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Do you sometimes feel anxious about speaking to someone else, especially getting to know an unfamiliar person in various settings as School, Corporate, Healthcare, Recreational environments etc.? Given our various individual personalities, past and present ideologies, and the ever-advancing communication technology, effective communication that result in genuine connection and trust development have eluded many in the general population resulting in mistrust and poor relationships. More than ever before, many of us palpitate from unreal fears on attempt to speak to and get to know others. This guidebook highlights the several factors which affect effective communication. Book content is based on Godly Principles and its guidance for overcoming reservations and communication anxieties to genuinely interact and build trust with one another.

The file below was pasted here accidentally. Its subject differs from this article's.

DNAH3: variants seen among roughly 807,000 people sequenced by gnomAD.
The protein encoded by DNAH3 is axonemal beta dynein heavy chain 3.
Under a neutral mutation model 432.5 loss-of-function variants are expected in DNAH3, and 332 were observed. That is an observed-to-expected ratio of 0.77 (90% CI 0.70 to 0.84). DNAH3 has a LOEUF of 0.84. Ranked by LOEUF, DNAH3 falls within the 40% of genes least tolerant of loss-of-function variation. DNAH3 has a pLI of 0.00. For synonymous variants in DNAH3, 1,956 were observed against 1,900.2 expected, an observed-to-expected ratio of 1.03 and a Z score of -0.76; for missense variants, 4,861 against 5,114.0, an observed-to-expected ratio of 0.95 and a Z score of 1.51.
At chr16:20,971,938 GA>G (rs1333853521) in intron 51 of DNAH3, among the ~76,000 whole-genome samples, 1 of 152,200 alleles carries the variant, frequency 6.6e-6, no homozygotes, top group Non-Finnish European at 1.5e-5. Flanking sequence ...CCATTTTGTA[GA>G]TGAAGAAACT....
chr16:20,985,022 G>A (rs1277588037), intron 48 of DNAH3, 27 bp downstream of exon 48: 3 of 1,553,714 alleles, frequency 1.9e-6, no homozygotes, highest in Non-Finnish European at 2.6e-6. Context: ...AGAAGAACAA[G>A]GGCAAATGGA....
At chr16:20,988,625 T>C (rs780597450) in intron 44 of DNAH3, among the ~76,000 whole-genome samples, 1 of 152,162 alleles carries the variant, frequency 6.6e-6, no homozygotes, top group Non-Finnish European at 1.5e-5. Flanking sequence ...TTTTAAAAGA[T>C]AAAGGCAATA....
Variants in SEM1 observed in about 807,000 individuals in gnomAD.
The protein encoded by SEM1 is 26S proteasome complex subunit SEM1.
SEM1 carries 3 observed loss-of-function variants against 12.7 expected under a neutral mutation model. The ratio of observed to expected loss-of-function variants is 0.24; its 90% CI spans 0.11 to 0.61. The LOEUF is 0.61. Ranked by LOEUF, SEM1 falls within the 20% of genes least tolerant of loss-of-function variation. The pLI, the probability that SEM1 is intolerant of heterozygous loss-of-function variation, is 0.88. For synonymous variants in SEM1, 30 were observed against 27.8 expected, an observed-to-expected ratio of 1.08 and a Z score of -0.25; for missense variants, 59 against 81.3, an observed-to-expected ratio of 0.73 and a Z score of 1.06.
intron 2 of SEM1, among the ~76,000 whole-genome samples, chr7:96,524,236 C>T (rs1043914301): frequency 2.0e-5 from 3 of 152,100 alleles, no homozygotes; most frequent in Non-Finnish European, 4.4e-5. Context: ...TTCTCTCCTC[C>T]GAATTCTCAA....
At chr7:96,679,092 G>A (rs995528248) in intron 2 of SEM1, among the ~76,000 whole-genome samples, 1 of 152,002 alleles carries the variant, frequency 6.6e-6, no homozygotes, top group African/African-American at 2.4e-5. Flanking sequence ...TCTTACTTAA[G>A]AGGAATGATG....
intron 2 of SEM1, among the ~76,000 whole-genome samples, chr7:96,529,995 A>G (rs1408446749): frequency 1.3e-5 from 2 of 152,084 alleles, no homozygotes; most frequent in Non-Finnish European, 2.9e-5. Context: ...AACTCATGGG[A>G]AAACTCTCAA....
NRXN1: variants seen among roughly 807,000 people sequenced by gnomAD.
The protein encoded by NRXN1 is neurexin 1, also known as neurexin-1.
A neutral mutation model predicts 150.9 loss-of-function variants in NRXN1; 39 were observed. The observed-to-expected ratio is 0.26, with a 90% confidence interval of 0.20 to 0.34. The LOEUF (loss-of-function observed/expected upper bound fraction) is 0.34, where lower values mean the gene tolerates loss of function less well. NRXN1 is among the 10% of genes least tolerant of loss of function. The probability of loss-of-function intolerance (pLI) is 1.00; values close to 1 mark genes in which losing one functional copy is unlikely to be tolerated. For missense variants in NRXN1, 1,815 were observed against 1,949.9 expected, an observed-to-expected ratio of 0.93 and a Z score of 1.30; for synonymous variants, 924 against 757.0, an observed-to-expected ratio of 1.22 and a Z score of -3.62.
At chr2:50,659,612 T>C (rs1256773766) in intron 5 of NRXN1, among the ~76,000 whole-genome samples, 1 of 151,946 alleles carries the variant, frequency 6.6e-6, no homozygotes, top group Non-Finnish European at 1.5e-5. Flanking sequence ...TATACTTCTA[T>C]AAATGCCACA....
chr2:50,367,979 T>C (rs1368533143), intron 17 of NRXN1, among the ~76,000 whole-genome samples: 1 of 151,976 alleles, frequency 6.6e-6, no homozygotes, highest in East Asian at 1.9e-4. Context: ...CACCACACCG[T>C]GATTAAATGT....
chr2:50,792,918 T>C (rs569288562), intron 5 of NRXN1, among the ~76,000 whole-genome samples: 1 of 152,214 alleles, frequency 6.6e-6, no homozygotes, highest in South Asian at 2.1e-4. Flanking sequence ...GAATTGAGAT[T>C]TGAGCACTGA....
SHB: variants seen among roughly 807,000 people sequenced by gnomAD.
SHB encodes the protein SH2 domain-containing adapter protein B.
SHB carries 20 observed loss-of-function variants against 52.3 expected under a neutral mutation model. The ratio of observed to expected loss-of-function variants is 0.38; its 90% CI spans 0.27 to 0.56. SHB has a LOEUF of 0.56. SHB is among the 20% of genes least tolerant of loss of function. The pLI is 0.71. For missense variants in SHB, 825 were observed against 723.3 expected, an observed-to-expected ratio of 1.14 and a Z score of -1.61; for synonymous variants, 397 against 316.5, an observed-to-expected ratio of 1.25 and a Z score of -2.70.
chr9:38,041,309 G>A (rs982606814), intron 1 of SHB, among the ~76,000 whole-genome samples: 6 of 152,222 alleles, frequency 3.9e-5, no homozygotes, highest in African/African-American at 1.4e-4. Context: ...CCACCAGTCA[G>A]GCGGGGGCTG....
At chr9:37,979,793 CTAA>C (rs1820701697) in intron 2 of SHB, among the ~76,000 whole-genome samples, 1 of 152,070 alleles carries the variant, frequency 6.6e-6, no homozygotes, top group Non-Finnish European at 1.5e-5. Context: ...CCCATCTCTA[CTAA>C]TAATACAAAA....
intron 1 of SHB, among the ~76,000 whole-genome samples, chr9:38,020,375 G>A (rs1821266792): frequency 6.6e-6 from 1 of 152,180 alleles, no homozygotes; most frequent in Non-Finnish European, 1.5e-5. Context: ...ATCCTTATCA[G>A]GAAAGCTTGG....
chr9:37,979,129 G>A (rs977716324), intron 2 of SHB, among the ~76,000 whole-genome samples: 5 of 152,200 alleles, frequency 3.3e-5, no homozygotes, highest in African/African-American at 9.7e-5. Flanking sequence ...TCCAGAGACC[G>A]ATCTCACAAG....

Please permit me to say that I procrastinated for a while about writing a book. When I finally decided to write a book (by the way, this is my first one ever—yeah!), I did some research to see whether any other book in circulation explored clinician-patient communication and that relationship. This is a very important topic, so there had to be, right? If you guessed yes, you are right because I came across several books. This made me wonder whether I should even bother writing another to add to the circulation. However, as I further researched the other books, I did not come across any books with direct insight on this important topic from my perspective. My perspective is one of a practicing clinician who, as a recent patient, had the experience of interacting with various medical staff and other clinicians in several specialties during my period of recovery from a major surgical procedure. As a practicing clinician, I have interacted with many patients with different traits and personalities in diverse health care settings. Despite the attempts of many books to explore and identify factors and barriers that influence communication between patients and clinicians, many patients still do not feel comfortable talking freely to their clinicians. Thus, they find it difficult to have honest, open communication with their clinicians. In a recent online article at Live Science, statistics show that America’s trust in the medical profession has decreased in recent years, well below other countries’ public attitudes toward doctors. In a polled survey in 2012, fewer people said that they had great confidence in the leaders of the medical profession (only 34 percent of adults) than in 1996 (76 percent). Also, reports of a similar survey of people across twenty-nine countries show that the United States ranked twenty-fourth in public trust of doctors, well below Switzerland and Denmark (Harding 2014). When I reviewed these results, I said to myself, “Wow, this is such a staggering number of unsatisfied patients.” To the best of my knowledge, most (if not all) clinicians strive to maintain a decent and acceptable level of professionalism during clinician-patient consultations. So what could be the problem? Why such a staggering number of dissatisfied patients? The reality is that the common communication style of most clinicians, although polite, pleasant, professional, and nonthreatening, has been insufficient in improving current statistics. Regardless of how nonthreatening a clinician’s approach is, many patients still view the clinician as an authoritative figure, and thus they are more likely to feel intimidated by the clinician’s presence. This can become a contributory factor to the patient’s reservations during consultation visits. It means that more information needs to be made available to assist clinicians in developing specific communication skills that are applicable to the various patients they encounter each day in the health care system. With funny illustrations of clinician-patient scenarios and simple dialogues, this guidebook highlights several patient personalities and the effects of those personalities as either strengths or barriers to forming a meaningful clinician-patient relationship. It provides the clinician with the needed communication tools to connect with all patients regardless of a patient’s personality. This is the key to having honest communication that results in a productive clinician-patient relationship. Clinicians must refrain from using a one-size-fits-all communication approach because patients have different personalities, and they typically perceive and react to the same information differently. For effective communication to be accomplished, the communication style must be tailored to each patient’s personality.